Variable decorators have been suggested here before, as have new statements that could also achieve the same level of access to the binding name. However I propose a much more restricted syntax that would make for less edge cases where what is actually passed to the decorator callable may be ambiguous.
Basically this would add syntax to python that would transform @decorator("spam this") variable into variable = decorator("variable", "spam this")
The decorator would be limited to being on the same line as the variable name. Additionally, the variable can not also be assigned to on the same line, so @decorator("spam this") variable = eggs would be a SyntaxError. Annotating these variable would be allowed @decoratopr("spam this") variable: Food The actual decorator would follow the same rules as current decorators in that the parentheses can be omitted if no other arguments are required to the function and any arbitrary expression can be used, however the same restraint should be cautioned as is for current decorators post PEP 614.
The most straightforward use of this decorating would be that str() could be used without change to declare variables that are strings of the same name, generally cutting down on repeating yourself when declaring constants.
#instead of GREEN = "GREEN" @str GREEN
The classic example of a factory that needs its target name as a string value is namedtuple. I don't think this example is enough alone to sway this list but I bring it up as it has also been at the front of past ideas to allow variable decorating.
#instead of Point = namedtuple("Point", "x y z") @namedtuple("x y z") Point
I have sometimes heard that dataclasses make this no longer an issue, implying that dataclasses can be used in place of namedtuple in any new code. Putting aside that dataclasses are not a strict replacement for namedtuple, the dataclasses module continues this factory design with the make_dataclass function.
#instead of Point = make_dataclass("Point", [("x", int), ("y", int), ("z", int)]) @make_dataclass([("x", int), ("y", int), ("z", int)]) Point
Enum is one more case where there is a factory equivalent to the class declaration.
#instead of Colors = Enum("Colors", "RED GREEN BLUE") @Enum("RED GREEN BLUE") Colors
If you want each enum member value to match its name there is even more repetition, however by using the original example for decorated variables, this can be reduced when using the more common class style.
class Colors(Enum): @str RED @str GREEN @str BLUE
One final standard library module that I will mention because it seems to keep adding similar factory functions is typing. It already has the factory functions NewType, TypeVar, ParamSpec, TypedDict, NamedTuple. Their use with the new variable decorator would look much the same as earlier examples, but here would be one case where type hinting the variable in such a statement could aid the decorator function
#instead of UUIDType = NewType("UUIDType", str) @NewType UUIDType: str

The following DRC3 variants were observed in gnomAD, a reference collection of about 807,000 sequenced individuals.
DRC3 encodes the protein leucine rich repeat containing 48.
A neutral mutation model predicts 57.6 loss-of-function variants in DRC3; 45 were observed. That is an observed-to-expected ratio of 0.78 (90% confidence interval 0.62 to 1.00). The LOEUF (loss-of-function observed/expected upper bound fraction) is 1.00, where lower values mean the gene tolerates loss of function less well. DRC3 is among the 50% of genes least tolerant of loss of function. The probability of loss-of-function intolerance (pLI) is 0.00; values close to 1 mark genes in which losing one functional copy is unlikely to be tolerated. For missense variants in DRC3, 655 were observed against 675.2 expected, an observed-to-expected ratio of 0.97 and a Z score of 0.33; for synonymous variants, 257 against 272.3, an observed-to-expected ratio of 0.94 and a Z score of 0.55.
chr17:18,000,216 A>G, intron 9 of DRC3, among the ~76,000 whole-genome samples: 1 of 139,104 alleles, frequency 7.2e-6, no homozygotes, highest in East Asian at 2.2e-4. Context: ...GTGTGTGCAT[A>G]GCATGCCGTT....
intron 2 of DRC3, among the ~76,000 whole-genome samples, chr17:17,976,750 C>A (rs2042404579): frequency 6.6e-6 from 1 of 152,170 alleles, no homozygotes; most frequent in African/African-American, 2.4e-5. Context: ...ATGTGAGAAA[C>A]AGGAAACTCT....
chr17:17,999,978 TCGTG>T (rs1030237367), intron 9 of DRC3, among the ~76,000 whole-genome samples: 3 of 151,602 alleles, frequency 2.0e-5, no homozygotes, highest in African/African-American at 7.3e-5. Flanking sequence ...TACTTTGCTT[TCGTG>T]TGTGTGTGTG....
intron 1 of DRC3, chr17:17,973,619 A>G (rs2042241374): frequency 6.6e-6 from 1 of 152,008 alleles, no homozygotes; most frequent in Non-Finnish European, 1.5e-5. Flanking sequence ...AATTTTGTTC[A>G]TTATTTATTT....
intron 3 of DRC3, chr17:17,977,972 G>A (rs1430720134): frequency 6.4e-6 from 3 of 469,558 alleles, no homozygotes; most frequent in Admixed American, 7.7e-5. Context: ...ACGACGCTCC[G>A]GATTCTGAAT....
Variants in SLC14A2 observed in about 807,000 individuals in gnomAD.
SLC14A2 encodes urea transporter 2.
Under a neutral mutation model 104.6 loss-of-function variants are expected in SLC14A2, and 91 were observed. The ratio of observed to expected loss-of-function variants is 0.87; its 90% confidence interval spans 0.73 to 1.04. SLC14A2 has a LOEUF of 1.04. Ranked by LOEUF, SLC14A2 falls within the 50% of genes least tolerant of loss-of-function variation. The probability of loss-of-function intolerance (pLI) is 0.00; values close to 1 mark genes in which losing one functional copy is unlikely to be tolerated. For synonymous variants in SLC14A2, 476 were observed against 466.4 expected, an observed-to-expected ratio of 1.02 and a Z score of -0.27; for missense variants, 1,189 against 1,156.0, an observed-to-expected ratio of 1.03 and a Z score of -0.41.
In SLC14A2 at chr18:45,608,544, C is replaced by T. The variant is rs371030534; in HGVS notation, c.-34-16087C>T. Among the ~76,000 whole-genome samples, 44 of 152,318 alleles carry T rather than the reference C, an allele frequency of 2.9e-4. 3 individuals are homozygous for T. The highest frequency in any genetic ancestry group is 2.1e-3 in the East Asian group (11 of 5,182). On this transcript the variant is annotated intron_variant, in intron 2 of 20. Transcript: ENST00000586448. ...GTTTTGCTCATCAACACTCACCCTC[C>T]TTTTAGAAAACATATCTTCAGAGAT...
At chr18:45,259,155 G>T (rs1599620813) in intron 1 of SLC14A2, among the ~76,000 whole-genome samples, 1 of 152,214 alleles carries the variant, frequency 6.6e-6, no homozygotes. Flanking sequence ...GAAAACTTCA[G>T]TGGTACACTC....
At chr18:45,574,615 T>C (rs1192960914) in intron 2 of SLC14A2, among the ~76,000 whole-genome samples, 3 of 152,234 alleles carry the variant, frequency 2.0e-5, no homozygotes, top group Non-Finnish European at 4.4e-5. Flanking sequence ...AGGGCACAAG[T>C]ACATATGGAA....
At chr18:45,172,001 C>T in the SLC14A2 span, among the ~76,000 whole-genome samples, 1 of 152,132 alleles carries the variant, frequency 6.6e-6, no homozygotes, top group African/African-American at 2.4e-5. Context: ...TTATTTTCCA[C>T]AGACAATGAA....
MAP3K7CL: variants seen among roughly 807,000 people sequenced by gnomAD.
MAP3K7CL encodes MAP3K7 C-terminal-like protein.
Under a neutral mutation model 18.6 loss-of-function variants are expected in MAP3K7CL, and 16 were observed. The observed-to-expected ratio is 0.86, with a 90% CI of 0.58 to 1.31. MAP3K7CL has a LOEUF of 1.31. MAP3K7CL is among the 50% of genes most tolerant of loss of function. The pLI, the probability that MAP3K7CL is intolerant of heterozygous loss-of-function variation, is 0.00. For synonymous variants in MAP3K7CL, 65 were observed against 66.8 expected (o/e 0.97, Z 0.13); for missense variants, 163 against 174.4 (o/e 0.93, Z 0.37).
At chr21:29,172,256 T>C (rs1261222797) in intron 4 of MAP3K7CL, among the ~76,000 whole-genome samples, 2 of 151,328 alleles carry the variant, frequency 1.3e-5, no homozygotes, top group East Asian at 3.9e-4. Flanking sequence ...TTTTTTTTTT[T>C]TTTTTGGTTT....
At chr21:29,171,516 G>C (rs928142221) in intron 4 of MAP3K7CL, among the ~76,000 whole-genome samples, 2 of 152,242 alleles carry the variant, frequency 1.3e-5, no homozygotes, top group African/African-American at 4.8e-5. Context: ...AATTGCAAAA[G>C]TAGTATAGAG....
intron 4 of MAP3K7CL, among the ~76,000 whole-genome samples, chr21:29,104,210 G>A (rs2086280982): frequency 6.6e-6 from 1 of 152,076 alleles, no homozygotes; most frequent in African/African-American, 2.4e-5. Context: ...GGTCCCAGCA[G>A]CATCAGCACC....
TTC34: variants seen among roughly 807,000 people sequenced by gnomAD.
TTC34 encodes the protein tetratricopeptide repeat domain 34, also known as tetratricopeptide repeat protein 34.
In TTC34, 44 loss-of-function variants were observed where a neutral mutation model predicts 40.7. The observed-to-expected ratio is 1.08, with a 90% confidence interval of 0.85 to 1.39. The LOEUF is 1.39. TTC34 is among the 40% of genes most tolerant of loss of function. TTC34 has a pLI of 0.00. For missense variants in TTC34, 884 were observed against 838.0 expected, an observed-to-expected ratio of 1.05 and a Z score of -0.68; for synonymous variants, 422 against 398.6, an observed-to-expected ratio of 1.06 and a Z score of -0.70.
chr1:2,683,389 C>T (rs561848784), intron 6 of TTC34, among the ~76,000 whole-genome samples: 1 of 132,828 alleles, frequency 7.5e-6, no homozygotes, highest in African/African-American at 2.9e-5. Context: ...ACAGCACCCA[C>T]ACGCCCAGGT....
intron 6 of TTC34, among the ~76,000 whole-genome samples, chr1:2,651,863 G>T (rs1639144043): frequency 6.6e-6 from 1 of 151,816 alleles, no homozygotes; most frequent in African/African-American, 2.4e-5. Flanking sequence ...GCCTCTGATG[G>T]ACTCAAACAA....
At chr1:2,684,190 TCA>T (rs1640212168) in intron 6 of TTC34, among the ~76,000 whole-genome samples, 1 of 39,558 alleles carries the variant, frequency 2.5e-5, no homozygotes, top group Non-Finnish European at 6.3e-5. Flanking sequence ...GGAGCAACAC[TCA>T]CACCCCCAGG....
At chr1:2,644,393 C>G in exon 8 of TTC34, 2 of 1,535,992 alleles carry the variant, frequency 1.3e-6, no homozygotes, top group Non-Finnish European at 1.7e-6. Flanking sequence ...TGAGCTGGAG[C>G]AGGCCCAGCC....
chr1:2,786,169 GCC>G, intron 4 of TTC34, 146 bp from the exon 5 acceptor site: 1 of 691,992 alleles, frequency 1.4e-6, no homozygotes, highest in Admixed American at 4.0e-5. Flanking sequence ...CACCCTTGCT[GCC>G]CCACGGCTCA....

If adopted, no change to these functions would be necessary to allow their use as a variable decorators as they all already take the name as a string in the first argument. Additionally, as variable decorators are actually callables just like the current decorators, no new restrictions are being forced on users of the language. If a user really wants to create a namedtuple with a typename of Foo but assign the result to a variable named ___trippleS33cret___name__here_ the language will not stop them.
I would very much like to know if any module maintainers are interested in this syntax. Convincing arguments from the standard lib (whether you consider the above convincing or not) are probably not enough to get a syntax change into python. But if enough third party modules want to use this functionality I believe that would be the real push to get it done.
Specifically this idea first started growing when I read on another ideas message that using the module sympy would often start with a line like x = symbol('x') which, with no change, could be used as a variable decorator @symbol x Now what may be even more typical (I really have never used the module myself) is defining all needed symbols on one line with x, y, z = symbol('x y z') which could conceivably be rewritten like @symbol x, y, z However I have not yet been able to decide if multi-assignment would be overall beneficial to this new syntax. Probably not, at least at this stage. It would not be hard for a decorator function to return multiple values, but how would the multiple names be passed in? A string with whitespace like this original, and namedtuple's field_names, is possible as no valid identifier can have a space in it. However, it forces any would-be variable decorator to know this and check if a space is in its first argument, even if it cannot produce multiple values. Another option is to pass in an iterable, but the same additional effort would be placed on decorators that otherwise don't want to deal with multi-assignment. Unpacking the names as the first n arguments would mean that decorators that just want one variable can get just that and those that may want more will also get them, but then practically no variable decorator could take additional non-keyword arguments.
Regards ~ Jeremiah